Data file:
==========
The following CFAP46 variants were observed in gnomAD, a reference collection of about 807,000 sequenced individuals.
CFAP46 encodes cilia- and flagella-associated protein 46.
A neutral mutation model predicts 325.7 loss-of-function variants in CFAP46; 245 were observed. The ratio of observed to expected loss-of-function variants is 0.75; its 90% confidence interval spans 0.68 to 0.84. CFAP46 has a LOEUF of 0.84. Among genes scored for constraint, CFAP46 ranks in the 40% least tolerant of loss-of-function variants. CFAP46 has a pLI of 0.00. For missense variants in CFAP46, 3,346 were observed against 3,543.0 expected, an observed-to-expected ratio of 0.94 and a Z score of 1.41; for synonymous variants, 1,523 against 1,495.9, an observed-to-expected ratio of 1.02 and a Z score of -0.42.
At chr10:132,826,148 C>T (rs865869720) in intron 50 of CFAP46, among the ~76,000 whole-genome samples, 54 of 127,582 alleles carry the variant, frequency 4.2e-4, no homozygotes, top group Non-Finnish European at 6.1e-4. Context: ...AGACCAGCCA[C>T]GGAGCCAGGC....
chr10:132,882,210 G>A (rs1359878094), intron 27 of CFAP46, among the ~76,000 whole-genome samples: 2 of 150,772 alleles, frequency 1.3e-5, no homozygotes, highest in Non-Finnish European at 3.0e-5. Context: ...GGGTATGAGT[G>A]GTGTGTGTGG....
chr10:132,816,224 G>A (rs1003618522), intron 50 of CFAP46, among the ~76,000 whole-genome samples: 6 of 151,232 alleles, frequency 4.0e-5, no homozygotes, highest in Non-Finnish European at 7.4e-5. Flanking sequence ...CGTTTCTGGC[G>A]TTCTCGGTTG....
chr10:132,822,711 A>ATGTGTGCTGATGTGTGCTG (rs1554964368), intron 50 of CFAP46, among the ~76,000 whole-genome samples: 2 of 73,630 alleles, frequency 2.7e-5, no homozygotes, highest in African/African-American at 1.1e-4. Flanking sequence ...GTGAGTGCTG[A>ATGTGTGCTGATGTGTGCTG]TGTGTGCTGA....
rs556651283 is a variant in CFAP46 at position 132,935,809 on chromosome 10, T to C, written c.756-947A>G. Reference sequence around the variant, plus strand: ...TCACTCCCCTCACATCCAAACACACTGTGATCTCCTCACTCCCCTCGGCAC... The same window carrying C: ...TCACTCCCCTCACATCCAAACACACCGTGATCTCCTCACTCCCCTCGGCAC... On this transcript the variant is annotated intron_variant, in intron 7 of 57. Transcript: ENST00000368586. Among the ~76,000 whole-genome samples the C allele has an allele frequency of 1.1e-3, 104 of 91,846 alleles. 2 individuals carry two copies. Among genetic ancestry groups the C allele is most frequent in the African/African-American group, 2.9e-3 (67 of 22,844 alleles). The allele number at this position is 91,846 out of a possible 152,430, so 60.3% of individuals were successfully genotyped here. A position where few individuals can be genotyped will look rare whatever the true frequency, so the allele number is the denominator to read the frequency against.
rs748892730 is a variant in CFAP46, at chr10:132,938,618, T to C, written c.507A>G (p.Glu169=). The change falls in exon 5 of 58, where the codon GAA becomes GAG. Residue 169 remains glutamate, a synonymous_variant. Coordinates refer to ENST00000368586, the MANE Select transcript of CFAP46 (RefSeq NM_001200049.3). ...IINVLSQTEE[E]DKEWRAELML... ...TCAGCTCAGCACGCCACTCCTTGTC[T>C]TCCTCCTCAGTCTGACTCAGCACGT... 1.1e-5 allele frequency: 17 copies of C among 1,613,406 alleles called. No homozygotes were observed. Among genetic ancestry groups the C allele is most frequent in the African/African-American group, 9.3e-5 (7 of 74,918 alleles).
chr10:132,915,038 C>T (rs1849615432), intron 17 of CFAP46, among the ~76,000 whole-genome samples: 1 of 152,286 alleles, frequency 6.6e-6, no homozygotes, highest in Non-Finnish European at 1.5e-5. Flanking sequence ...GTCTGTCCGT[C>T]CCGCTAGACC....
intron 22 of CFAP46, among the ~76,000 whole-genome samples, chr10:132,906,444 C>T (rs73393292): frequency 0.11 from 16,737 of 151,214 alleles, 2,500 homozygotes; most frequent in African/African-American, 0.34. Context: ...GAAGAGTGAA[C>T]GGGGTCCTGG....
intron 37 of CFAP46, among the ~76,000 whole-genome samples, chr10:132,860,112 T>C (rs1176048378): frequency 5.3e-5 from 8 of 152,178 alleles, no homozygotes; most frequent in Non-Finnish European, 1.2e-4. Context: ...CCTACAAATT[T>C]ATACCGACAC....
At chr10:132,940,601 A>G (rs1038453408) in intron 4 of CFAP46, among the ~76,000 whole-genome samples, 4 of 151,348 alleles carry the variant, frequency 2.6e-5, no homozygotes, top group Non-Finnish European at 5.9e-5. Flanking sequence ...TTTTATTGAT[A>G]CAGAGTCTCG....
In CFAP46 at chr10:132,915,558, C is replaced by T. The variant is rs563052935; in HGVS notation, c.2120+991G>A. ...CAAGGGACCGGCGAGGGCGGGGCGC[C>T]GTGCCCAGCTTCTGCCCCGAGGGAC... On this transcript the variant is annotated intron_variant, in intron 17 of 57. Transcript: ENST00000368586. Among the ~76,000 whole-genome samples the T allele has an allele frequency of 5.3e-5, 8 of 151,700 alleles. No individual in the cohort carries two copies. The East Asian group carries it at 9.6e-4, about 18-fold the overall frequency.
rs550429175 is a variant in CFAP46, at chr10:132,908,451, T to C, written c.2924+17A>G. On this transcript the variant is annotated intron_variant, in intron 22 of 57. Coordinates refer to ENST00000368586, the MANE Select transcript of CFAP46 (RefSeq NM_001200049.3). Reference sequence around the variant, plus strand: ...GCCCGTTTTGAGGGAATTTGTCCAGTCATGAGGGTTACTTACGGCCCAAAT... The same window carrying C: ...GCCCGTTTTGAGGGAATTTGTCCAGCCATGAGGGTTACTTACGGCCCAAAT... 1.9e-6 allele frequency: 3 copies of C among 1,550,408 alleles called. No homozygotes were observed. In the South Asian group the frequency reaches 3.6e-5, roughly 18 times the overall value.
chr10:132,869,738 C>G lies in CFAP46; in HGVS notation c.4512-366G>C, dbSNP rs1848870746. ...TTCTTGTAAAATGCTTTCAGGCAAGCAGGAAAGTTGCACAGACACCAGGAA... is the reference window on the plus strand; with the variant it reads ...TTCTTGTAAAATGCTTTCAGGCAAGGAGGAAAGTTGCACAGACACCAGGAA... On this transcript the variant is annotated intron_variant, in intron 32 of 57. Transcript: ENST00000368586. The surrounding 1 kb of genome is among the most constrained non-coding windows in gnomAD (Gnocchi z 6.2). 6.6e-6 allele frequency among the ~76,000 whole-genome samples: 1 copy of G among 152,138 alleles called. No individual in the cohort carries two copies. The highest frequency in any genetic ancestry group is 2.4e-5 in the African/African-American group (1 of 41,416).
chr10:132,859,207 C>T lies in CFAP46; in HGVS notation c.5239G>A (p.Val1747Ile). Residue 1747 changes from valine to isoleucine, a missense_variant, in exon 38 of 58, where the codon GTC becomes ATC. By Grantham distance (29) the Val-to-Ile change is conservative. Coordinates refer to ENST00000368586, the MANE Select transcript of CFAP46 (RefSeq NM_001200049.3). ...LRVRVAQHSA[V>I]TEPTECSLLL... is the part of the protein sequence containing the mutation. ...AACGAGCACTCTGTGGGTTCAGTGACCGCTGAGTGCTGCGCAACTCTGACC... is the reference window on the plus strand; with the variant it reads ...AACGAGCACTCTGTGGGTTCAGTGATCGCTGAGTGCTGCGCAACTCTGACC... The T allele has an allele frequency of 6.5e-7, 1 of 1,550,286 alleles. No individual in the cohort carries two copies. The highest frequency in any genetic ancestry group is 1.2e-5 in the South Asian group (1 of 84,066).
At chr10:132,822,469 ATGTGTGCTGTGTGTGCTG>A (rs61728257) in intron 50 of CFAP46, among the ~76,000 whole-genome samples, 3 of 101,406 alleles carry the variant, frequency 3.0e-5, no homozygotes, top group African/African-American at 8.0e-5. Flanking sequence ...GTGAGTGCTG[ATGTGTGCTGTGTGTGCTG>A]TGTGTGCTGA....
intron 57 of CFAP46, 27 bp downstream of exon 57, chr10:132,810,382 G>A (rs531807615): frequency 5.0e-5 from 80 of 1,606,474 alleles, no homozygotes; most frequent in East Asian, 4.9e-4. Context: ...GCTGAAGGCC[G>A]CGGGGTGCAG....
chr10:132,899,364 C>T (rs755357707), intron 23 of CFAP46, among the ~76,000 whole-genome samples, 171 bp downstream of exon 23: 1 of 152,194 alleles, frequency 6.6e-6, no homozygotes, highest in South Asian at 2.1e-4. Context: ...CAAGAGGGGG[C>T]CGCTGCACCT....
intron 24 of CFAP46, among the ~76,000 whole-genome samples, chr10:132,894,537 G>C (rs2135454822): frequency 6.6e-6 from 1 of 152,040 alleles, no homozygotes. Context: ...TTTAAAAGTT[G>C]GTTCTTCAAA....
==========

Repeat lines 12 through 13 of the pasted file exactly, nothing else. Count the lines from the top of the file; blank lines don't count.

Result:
intron 37 of CFAP46, among the ~76,000 whole-genome samples, chr10:132,860,112 T>C (rs1176048378): frequency 5.3e-5 from 8 of 152,178 alleles, no homozygotes; most frequent in Non-Finnish European, 1.2e-4. Context: ...CCTACAAATT[T>C]ATACCGACAC....
At chr10:132,940,601 A>G (rs1038453408) in intron 4 of CFAP46, among the ~76,000 whole-genome samples, 4 of 151,348 alleles carry the variant, frequency 2.6e-5, no homozygotes, top group Non-Finnish European at 5.9e-5. Flanking sequence ...TTTTATTGAT[A>G]CAGAGTCTCG....